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Sox's Konerko conked in head, then belts pair of homers
Paul Konerko would be the first to admit he has a pretty hard head.
But not even Konerko could have imagined a curveball bounced off his noggin could change the complexion of a ballgame, if not a season.After Cubs starter Kerry Wood hit him in the helmet, Konerko bounced back to hit two home runs and lead the White Sox from an eight-run deficit to a stunning 13-9 victory Friday before 46,027 at Comiskey Park.
Konerko enjoyed his second straight four-hit game and his fourth multihomer game since June 11. Though he had a bump on his head the size of a walnut after ducking into a Wood pitch in the fourth, Konerko wouldn't come out.
"He's the type of guy that this type of stage he thrives on," manager Jerry Manuel said.
The Sox trailed 8-2 in the fifth when Konkero cranked a two-run homer off Wood to make it an 8-4 game. In the sixth he reached Joe Borowski for a two-run blast to give the Sox a 10-8 lead.
The Sox were numb--comfortably--after their most impressive triumph to date.
"Everyone is to the point where you're just sick of being average," Konerko said. "For the last year and a half we've been mediocre. It's the same guys, and we're tired of it."
Matt Ginter earned the victory with 3 1/3 innings of hitless relief.
The Cubs coughed one up for the second time in 24 hours, blowing their biggest lead since April 17, 1976, at Wrigley Field, when Philadelphia's Mike Schmidt hit four homers to help turn a 12-1 deficit into an 18-16 victory.
The Cubs entered with a National League-worst .239 batting average, threatening to break the franchise low of .238 set in 1963 and tied in '65. But they managed to find their strokes against right-hander Dan Wright and put the Sox in an early 8-0 hole.
Wright has a tendency to give up big innings, and this time it occurred in the second. After Royce Clayton booted a double-play grounder to put two men on with one out, Wright began to fall apart. He walked Alex Gonzalez to load the bases and gave up a two-run double to Bill Mueller that Magglio Ordonez misjudged in right.
After a visit from pitching coach Nardi Contreras, Wright gave up a run-scoring single to Joe Girardi and a 400-foot, three-run homer to Corey Patterson, making it 6-0. When the Cubs added two more two-out runs off Wright in the third on Gonzalez's homer and Patterson's run-scoring infield hit, the booing escalated and the rout seemed to be under way.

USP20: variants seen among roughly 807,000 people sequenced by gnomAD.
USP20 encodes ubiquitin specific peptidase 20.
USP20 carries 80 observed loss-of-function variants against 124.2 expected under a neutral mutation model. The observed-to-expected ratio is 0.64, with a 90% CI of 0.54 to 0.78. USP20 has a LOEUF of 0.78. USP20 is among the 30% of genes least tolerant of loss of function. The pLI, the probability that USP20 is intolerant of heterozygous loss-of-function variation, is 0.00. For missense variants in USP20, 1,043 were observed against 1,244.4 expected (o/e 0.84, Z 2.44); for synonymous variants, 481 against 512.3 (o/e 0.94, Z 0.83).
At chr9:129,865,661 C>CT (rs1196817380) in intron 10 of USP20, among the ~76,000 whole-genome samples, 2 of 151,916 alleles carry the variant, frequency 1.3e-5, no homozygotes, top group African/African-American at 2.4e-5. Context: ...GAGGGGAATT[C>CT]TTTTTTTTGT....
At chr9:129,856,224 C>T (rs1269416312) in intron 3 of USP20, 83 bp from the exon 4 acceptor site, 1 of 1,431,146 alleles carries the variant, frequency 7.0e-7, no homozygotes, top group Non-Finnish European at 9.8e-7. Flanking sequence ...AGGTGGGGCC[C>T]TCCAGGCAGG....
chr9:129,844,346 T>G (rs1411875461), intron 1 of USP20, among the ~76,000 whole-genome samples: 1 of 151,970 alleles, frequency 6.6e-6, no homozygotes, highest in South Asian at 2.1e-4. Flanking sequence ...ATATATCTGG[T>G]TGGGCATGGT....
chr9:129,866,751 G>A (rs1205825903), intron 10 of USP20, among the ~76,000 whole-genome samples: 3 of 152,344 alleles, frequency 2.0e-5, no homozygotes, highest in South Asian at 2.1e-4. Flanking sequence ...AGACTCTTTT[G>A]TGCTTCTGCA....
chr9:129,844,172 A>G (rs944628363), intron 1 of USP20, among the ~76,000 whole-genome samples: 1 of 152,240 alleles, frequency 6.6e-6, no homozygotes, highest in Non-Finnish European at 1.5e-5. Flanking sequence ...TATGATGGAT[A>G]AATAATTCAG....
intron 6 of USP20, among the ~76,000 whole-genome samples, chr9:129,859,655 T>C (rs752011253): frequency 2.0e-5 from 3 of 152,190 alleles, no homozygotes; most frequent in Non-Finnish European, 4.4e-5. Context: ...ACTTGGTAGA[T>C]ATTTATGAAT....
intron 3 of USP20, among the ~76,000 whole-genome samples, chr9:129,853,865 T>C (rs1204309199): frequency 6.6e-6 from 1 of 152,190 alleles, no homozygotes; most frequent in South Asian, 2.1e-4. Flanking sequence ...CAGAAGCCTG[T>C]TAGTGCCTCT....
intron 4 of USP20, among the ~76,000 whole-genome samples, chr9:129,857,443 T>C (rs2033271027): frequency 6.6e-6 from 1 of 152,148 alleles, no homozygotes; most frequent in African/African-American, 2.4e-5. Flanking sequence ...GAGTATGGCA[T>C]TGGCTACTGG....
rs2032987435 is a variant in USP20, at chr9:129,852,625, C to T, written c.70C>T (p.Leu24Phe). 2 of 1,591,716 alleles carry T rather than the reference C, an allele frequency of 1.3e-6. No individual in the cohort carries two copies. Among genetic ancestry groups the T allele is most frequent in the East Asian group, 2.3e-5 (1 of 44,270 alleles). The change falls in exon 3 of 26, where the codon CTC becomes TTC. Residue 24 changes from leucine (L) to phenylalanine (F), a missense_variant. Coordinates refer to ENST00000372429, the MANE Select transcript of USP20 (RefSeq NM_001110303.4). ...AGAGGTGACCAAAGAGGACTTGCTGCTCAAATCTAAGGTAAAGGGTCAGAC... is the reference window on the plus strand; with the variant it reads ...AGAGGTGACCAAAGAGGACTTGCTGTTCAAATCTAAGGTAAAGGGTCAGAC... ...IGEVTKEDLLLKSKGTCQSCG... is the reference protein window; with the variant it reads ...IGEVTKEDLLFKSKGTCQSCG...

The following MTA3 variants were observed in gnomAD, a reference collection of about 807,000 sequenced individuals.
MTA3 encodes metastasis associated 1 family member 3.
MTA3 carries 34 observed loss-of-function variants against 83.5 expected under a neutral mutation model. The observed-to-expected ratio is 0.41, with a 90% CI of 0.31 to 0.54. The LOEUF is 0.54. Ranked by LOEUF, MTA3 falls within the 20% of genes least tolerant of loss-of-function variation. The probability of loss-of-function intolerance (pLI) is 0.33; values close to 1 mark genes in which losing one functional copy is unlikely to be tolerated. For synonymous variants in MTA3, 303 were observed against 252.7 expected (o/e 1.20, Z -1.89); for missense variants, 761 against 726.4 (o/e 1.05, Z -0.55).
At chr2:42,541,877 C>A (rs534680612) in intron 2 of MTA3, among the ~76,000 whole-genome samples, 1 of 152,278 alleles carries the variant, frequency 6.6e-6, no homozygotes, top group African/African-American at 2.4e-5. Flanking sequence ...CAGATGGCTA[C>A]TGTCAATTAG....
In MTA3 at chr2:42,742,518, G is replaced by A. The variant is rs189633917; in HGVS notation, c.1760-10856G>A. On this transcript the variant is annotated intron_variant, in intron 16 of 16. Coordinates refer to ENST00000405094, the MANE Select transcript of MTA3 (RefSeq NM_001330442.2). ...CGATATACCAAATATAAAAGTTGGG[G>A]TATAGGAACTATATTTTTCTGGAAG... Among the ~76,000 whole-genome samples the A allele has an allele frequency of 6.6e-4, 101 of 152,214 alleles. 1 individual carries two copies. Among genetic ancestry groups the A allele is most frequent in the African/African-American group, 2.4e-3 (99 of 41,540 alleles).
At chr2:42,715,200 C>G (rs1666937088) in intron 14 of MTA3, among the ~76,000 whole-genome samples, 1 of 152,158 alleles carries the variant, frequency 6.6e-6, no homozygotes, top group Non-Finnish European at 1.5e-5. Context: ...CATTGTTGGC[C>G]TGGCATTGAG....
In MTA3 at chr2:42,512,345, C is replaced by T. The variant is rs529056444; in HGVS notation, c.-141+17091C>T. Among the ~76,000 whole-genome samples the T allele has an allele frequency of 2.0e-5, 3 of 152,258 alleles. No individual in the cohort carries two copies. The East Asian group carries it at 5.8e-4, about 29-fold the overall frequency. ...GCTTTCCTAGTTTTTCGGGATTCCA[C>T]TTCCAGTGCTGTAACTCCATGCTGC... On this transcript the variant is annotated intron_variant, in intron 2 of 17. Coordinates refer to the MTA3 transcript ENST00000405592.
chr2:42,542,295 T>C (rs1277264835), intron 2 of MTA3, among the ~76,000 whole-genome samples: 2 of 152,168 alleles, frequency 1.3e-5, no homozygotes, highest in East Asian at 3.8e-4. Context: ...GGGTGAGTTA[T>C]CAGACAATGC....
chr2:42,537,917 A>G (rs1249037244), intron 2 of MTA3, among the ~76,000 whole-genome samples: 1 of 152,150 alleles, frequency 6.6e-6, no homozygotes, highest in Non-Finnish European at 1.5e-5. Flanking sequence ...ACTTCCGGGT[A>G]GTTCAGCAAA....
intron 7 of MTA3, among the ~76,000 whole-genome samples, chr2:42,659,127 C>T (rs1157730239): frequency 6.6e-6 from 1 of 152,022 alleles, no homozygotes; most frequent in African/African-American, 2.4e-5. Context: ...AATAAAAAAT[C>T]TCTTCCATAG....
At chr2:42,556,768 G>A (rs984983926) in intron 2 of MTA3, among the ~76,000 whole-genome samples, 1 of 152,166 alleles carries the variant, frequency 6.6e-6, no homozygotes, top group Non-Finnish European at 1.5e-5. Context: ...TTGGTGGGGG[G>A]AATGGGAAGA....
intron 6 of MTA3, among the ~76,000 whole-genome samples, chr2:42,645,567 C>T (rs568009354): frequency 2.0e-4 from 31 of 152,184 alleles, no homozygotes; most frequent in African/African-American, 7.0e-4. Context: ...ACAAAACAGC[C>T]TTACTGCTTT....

"After those first couple of innings I didn't see any swagger," Manuel said.
With Wood on the mound with an eight-run lead, it looked like a gimme for the Cubs. The Sox hadn't overcome so much as a three-run deficit since April 21 and had yet to come back from a deficit of more than two runs.
But after cruising through the first three innings, Wood began to show signs of wildness in the fourth, hitting Konerko, walking Jose Valentin and giving up a run-scoring hit to Carlos Lee to make it 8-1. He walked two more in the Sox's three-run fifth, serving up a two-run homer to Konerko to pull the Sox to within four.
"Everyone fed on the enthusiasm," reliever Kelly Wunsch said. "Everyone felt it was coming."
Wood walked Lee on four pitches to start the sixth and manager Don Baylor yanked him after Clayton's broken-bat single. But left-hander Jeff Fassero provided no relief, walking Kenny Lofton and giving up an RBI single to Ray Durham before giving way to Borowski. Frank Thomas' sacrifice fly made it 8-6, and Ordonez followed with a bloop single, scoring two runs to tie the game 8-8.
Konerko then hit his second homer, sending the Sox into a 10-8 lead and the partisan crowd into delirium. It was Konerko's 20th home run of the year and 12th of June, improving his league-leading RBI total to 70.
The Cubs crept within a run on Roosevelt Brown's RBI single off Antonio Osuna in the seventh, but with the tying run on in the eighth, Bob Howry struck out Sammy Sosa and Wunsch fanned Fred McGriff. The Sox then put it away with a three-run eighth off Kyle Farnsworth.
The 12 walks off six Cubs pitchers opened the door for the remarkable comeback. But Patterson wouldn't blame the staff.
"You can't point fingers at the pitchers and the walks," he said. "It was a team effort."